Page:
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What are the top five things a beginner should learn first in Java programming?  RSS feed

 
Brandon Shoals
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Hey everyone, I am a greenhorn to Java programming and I was just wanting to know, as the title suggest, what are the top things I should be learning first to avoid some headaches later on? I do have some programming experience.

Thanks!
 
Campbell Ritchie
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Welcome to the Ranch

I think
  • 1: Understand object‑oriented programming.
  • 2: Know the object‑oriented paradigm.
  • 3: Learn how to program with objects.
  • 4: Understand what objects mean in programming.
  • 5: Learn to use objects for everything. Actually in Java8 you can use functional programming constructs instead.
  • Other people might disagree but a lot of us have experienced that people have difficulty understanding object programming.
     
    Bear Bibeault
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  • Know how to compile and run Java from the command line
  • Understand the classpath
  • Understand Java packages and directory structures
  • Familiarize yourself with how to read the Javadocs
  • Become a member at CodeRanch
  •  
    Campbell Ritchie
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    I particularly like Bear's No 5.
     
    Bear Bibeault
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    And he wisely already has that one covered.
     
    Jesper de Jong
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    Brandon, welcome to the Ranch.

    Oracle has a good set of tutorials, from absolute beginner level to advanced topics.

    First, familiarize yourself with the setup: install the JDK, learn how to write a simple Hello World program and how to compile and run it. You can find this in the Getting Started tutorial. One of the things here is, as Bear already mentioned, understanding what the classpath is. This is a source of confusion and headaches for many beginners.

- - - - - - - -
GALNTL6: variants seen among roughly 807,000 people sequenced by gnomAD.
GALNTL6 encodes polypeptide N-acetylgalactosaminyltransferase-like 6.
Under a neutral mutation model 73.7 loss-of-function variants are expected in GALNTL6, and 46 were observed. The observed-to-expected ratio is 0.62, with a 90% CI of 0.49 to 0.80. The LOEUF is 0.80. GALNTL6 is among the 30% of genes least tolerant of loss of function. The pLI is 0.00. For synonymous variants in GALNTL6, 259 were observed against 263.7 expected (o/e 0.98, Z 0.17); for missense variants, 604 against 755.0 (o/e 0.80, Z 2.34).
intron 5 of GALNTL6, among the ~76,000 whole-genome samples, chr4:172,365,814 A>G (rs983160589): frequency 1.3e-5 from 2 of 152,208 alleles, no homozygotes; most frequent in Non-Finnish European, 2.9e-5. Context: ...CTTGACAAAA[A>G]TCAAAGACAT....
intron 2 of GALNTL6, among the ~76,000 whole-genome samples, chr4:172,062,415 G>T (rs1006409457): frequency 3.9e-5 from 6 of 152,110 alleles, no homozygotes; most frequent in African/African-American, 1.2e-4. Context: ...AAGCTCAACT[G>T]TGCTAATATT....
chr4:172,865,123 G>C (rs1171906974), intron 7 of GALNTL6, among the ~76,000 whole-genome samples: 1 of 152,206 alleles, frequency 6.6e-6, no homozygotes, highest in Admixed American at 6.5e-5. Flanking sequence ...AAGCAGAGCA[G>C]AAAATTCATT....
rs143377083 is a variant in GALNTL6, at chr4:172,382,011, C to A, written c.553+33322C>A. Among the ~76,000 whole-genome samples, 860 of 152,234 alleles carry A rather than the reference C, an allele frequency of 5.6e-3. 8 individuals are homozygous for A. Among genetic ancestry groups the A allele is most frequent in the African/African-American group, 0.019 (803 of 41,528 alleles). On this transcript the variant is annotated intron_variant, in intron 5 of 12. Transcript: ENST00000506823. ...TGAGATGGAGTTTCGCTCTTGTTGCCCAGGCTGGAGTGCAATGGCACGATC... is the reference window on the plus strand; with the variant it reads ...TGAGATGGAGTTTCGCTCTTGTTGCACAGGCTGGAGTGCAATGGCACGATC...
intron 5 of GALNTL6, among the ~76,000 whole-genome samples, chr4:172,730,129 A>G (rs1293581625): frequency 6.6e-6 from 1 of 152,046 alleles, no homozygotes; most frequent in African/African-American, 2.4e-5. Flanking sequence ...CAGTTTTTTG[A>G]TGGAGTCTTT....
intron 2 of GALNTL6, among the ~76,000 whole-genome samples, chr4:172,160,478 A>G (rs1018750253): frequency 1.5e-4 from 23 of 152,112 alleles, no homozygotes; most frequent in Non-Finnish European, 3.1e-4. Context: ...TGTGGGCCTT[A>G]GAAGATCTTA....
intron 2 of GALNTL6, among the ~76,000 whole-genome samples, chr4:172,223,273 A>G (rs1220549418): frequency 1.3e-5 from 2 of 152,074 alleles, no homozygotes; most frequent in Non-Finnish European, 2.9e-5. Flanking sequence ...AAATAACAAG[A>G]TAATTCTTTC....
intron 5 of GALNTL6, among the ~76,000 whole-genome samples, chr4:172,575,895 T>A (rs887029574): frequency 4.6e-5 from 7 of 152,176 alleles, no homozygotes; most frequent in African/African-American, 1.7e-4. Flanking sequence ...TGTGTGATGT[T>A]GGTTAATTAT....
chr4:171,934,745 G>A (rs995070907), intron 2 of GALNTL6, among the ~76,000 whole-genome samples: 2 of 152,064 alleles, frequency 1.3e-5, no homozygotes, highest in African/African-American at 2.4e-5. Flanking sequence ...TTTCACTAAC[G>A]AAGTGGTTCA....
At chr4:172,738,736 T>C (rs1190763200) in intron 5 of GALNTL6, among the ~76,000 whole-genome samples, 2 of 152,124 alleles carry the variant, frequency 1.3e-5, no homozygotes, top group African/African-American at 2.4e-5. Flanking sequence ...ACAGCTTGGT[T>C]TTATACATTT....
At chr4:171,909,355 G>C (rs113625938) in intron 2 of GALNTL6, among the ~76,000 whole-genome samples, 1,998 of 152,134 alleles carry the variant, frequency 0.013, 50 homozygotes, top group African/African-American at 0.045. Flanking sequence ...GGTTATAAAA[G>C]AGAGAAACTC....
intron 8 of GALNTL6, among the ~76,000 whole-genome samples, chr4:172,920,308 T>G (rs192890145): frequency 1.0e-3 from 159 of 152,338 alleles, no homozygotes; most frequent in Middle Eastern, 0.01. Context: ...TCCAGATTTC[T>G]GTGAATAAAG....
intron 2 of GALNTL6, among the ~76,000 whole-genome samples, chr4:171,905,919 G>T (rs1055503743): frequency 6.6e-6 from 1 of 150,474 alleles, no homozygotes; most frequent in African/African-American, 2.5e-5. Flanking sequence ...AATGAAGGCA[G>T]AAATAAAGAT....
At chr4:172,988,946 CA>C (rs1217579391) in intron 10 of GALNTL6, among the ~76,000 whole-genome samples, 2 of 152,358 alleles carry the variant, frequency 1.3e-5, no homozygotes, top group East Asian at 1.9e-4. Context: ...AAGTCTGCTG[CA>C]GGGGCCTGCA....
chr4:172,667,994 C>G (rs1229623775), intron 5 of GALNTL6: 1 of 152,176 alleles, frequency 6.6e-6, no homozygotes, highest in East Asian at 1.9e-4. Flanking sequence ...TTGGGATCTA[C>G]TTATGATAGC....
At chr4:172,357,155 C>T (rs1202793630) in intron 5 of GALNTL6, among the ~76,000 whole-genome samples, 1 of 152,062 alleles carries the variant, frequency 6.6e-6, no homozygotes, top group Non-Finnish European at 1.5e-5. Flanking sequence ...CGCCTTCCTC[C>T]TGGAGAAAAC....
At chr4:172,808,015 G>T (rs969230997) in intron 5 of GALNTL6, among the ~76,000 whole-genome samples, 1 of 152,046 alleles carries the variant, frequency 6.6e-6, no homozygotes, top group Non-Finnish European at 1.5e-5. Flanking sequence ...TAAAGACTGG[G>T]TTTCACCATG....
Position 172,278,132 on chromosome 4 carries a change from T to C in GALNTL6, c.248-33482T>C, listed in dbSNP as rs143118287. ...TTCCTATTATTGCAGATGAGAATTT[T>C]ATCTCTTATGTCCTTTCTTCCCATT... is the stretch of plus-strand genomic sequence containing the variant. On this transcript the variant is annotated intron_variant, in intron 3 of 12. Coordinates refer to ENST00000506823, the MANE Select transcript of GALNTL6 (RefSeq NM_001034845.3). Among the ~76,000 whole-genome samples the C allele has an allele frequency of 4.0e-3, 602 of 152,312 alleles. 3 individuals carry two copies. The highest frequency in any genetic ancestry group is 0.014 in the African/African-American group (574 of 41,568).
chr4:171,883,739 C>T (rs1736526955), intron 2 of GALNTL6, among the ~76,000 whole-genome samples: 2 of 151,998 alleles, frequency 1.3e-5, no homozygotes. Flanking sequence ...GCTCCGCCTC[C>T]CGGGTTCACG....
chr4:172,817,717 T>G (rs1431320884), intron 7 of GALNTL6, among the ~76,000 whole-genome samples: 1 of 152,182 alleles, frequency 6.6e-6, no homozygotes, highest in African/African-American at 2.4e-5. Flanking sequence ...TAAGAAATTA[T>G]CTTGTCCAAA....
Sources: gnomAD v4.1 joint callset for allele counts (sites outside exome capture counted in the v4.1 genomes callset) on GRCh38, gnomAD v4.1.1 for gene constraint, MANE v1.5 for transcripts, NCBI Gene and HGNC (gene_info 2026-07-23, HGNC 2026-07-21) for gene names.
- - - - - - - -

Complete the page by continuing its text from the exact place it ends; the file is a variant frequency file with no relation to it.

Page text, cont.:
Then, learn the syntax and concepts that are used in Java. The tutorials Learning the Java Language and Essential Classes explain these. I agree with Campbell that understanding object oriented programming concepts is very important.

    Have fun learning Java!
     
    fred rosenberger
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    1) spend 90% of your time THINKING, and 10% TYPING
    2) Compile and test after every 2-3 lines, MAX
    3) No matter how much you test, it is not enough
    4) Simple, clear code is more important than just about anything else
    5) Programming is like legos. you want lots of little methods you assemble into one larger program, not one MASSIVE block that does everything.
     
    Dalin Mansour
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    1-First of all you should install everything you need for Java.
    2-Watch as much as you can tutorial to learn how to run and compile java in the command line.
    3-Test your program after you finish each step is very important to fix all the errors before moving to the other step.
    4-Think logically when you want to find a solution for writing any object.
    5-Remember to end each line with a semi colon.
     
    Jim Venolia
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    In all the docs I've read, and I'm a java greenhorn but google expert, Object Orientation is always at the middle of the pack when it comes to learning Java. That said, I think google is wrong. I'm thinking packages, jar files, and directory structure should be before OO. Easier to learn, more useful to most peeps coming from other languages, and, lets be honest, you can learn OO from C++, perl, python, <insert other popular language here>.

     
    Campbell Ritchie
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    Jim Venolia wrote: . . . I'm thinking packages, jar files, and directory structure should be before OO. . . . you can learn OO from C++, perl, python, <insert other popular language here>.
    I did say object‑orientation (=OO) not object‑oriented Java®. If you already know OO, then it is simple to learn the differences from Java®

    No, you will need to know OO long before you start worrying about package names etc.
     
    Brandon Shoals
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    Thanks everyone for your replies this forum is really helpful compared to others!
     
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